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Uganda National Policy Seminar Proceedings

By

Joan Kyokutamba


Executive Summary

The African Energy Policy Network (AFREPREN/FWD) brings together 97 researchers and policy makers from Africa with a long-term interest in energy research. AREPREN supports appropriate policy research in the field of energy in East, Central and Southern Africa.  They sponsor professionals to carry out research on important themes with an objective of strengthening local research capacity and to harness planning and policy making in the particular countries. The network is supported by the Swedish International Development Association (SIDA).

In order for the researchers to share their findings with policy makers and also to garner for more focused identification of research strategies, national policy seminars were proposed.  They are to take place in the participating countries at least once a year during the research period 2000-2002.

The first national seminar was based on the findings of the research carried out by Eng. John Mugyenzi as principal researcher and was assisted by Dr. V. B. A. Kasangaki and MS. Joan Kyokutamba. The research, “Restructuring the Energy Sector in Uganda; The Privatisation Question.” has also been published by Zed Books Ltd., London & New York. with others carried out elsewhere in Africa in the book “ Reforming the Power Sector In Africa” (1999) Edited by Dr. M. R. Bhagavan. The government of Uganda’s Power sector strategy together with the on going process of restructuring and privatising the power sector provided a good setting for discussion.

The principal researcher indicated the evolution of reforms in the power sector in Uganda, some of which were already implemented like corporatization and commercialisation.  Others like unbundling, competition and out right privatization were still being planned.  Elsewhere, management contracts could be one of the many options considered as a method of reform.  During the process, certain changes in ownership and management are inevitable and major structural reforms have to be experienced that could bring about conditions of unbundling, IPP’s, IPD’s and wholesale distributors. Reformed systems demand new legal and regulatory framework and a regulator in place.

Reforms are normally driven by 

  • Changing Industrial performance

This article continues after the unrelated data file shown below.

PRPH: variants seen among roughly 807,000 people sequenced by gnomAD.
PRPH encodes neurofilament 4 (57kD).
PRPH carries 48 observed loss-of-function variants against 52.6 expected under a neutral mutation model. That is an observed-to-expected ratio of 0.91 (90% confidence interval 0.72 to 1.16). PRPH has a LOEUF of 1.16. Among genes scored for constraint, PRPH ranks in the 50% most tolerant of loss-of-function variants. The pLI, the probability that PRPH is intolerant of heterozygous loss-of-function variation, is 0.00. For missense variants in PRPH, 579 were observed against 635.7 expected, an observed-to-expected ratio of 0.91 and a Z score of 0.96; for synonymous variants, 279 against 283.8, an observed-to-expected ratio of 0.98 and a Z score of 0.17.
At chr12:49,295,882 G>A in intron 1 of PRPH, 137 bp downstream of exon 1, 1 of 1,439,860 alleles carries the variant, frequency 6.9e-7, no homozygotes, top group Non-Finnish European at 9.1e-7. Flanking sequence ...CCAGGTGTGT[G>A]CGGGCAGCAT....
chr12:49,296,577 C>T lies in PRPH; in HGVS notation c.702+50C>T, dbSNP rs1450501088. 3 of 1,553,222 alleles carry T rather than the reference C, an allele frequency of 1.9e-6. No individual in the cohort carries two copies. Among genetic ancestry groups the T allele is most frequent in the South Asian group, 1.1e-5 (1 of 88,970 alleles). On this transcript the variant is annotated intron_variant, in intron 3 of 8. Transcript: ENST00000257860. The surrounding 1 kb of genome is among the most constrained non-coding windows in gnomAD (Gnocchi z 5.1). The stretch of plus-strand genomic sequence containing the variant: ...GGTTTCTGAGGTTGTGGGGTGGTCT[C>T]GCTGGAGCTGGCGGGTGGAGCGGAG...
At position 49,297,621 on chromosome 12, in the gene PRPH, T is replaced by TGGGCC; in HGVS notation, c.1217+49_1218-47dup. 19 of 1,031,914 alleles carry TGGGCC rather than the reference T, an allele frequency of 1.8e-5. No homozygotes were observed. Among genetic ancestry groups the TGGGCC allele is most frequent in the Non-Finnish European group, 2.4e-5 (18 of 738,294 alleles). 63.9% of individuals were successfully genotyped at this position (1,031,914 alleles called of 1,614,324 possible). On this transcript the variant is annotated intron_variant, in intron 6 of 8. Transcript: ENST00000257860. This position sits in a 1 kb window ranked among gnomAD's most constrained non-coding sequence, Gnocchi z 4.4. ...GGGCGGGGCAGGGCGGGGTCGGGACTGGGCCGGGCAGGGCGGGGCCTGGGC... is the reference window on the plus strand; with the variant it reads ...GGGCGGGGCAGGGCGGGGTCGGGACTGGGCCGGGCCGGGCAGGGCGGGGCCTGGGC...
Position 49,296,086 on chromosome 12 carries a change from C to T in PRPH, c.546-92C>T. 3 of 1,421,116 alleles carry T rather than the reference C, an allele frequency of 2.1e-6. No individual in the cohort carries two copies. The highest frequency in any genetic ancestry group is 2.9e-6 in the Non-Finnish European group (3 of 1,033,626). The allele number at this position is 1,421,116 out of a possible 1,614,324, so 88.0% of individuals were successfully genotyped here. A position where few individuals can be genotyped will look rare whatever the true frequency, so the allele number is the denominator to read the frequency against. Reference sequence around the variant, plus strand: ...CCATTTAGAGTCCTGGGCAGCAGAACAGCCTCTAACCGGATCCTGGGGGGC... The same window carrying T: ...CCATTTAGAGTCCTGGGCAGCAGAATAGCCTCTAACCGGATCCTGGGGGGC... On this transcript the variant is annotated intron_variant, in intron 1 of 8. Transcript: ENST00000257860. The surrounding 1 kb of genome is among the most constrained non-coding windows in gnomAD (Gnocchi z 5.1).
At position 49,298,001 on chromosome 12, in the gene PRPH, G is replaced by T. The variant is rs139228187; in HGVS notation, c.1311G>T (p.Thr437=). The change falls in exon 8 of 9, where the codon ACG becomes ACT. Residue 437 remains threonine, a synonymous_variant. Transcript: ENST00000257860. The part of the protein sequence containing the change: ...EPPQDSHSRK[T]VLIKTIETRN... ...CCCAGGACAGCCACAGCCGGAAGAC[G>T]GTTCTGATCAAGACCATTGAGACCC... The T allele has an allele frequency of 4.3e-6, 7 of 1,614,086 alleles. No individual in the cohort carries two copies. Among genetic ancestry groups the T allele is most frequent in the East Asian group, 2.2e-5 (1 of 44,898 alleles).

• Changing trends of Investment Capital

  • Economic and political motives and bi-lateral and multilateral organisations
     

Some advantages could be brought about by reforms like the removal of poorly placed subsidies, promotion of and improvement of efficiency, increased mobilisation of private investment capital, enhanced skills and technology transfer and promotion of rural electrification. At the same time, certain risks pertinent to efficient maintenance of the reformed institution could include politics, power supply failure, tariff hikes and limitations of rural electrification.

The following policy conditions are basic for institutional reforms:

¨      Government-sector arms length relationship

¨      Preceding Legal reforms before other sector reforms

¨      Reforms should be based on a country’s social/economic conditions

¨      System size and Institutional Capacity should be critically considered and provided for.

For them to be effective, reforms should generally be acceptable to all stakeholders and aim at commercial tariffs. They should be well coordinated to enhance capacity for regional interconnection where possible.

In his recommendation, the researcher highlighted the need for institutions to have a legally independent regulator that should be able to maintain standards and provide operation-guiding rules. A fair tariff should also be ensured to guard against the development of a monopolist player and inflationary measures.

Policy objectives of the power sector are laid out in the “Strategic plan and Implementation Plan” of June 1999.  It is aimed at ensuring that the power sector is financially able to perform without subsidies from the government budget

  • Increasing the sector’s efficiency

  • Improving the sectors commercial performance

  • Meeting the growing demand for electricity and increasing area coverage

  • Attracting private capital and entrepreneurs and

  • Taking advantage of export opportunities

The methods used were in many ways similar to those identified by the researcher. Overall reforms were preceded by UEB internal reforms to prepare for the right size of the utility.  Improvement of revenue collection has been stressed for efficiency together with reduced non-core business and subsequent losses.  Other forms of reforms include, establishing the regulator for the energy sector, The Electricity Authority (ERA). 

The representative from the Utility Reform Unit carried the participants through a step by step procedure and chronology of the power sector restructuring and privatization process and the basis of their action.

Seminar participants deliberated the restructuring and privatisation issues based on the presentations made while analyzing the adequacy of the current policy. They also made proposals on the way forward as in the recommendations as is indicated at the end of this document.


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